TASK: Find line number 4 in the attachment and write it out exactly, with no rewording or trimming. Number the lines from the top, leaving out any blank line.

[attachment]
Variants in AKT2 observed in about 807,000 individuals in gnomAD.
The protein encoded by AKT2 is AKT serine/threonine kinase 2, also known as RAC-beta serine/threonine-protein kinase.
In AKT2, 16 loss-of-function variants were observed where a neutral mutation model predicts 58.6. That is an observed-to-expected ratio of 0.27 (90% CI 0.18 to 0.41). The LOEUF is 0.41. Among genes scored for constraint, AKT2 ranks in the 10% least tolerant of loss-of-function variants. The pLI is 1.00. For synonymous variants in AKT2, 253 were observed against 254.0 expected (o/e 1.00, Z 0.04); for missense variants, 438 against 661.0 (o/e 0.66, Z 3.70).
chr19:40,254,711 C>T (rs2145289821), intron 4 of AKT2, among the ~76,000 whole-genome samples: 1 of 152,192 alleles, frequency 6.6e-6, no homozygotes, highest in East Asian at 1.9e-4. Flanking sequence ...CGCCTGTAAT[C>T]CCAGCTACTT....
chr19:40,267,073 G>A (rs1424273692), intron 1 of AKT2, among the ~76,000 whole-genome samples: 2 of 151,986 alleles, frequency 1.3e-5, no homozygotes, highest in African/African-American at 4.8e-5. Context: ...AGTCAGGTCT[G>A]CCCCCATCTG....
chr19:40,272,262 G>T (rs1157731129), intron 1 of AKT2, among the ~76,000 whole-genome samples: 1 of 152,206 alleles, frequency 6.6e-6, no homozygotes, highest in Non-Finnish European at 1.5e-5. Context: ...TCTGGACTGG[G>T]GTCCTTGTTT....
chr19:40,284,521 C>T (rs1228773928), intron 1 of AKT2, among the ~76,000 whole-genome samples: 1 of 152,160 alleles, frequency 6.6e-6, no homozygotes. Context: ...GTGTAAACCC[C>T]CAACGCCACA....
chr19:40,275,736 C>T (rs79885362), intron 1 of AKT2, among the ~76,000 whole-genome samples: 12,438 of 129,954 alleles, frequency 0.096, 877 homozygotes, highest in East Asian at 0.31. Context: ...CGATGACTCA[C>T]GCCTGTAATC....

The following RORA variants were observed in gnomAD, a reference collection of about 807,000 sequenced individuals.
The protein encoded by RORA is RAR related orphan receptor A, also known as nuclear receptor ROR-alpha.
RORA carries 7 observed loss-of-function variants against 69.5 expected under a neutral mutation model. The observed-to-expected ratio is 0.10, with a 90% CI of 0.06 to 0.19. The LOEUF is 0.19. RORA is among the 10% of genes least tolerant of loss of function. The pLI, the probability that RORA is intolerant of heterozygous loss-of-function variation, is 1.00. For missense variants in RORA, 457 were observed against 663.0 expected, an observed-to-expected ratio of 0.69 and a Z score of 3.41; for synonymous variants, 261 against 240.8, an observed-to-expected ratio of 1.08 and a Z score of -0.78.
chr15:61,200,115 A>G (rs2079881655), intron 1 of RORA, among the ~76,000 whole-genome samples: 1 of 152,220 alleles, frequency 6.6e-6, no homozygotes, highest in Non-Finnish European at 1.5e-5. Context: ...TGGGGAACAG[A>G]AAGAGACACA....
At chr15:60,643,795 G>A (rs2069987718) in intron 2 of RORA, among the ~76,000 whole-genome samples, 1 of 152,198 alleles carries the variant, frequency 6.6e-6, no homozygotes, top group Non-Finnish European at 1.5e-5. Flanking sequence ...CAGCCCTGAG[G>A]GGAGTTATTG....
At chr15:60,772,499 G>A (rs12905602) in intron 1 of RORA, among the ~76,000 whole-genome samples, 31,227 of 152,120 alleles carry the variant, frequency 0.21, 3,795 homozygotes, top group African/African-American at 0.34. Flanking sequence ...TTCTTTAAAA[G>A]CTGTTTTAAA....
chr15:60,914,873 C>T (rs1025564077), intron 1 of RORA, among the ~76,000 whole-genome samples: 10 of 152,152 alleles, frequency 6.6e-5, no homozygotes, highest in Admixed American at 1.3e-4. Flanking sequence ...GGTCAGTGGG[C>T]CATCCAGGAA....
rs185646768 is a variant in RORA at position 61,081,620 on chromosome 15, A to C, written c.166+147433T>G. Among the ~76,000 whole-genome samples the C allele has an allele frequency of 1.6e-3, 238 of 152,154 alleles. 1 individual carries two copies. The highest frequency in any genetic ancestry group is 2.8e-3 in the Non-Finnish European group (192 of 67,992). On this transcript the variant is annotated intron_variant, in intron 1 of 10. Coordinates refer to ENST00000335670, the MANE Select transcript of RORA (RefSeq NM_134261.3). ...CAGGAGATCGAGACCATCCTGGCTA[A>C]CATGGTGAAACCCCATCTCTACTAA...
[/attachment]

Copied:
chr19:40,254,711 C>T (rs2145289821), intron 4 of AKT2, among the ~76,000 whole-genome samples: 1 of 152,192 alleles, frequency 6.6e-6, no homozygotes, highest in East Asian at 1.9e-4. Flanking sequence ...CGCCTGTAAT[C>T]CCAGCTACTT....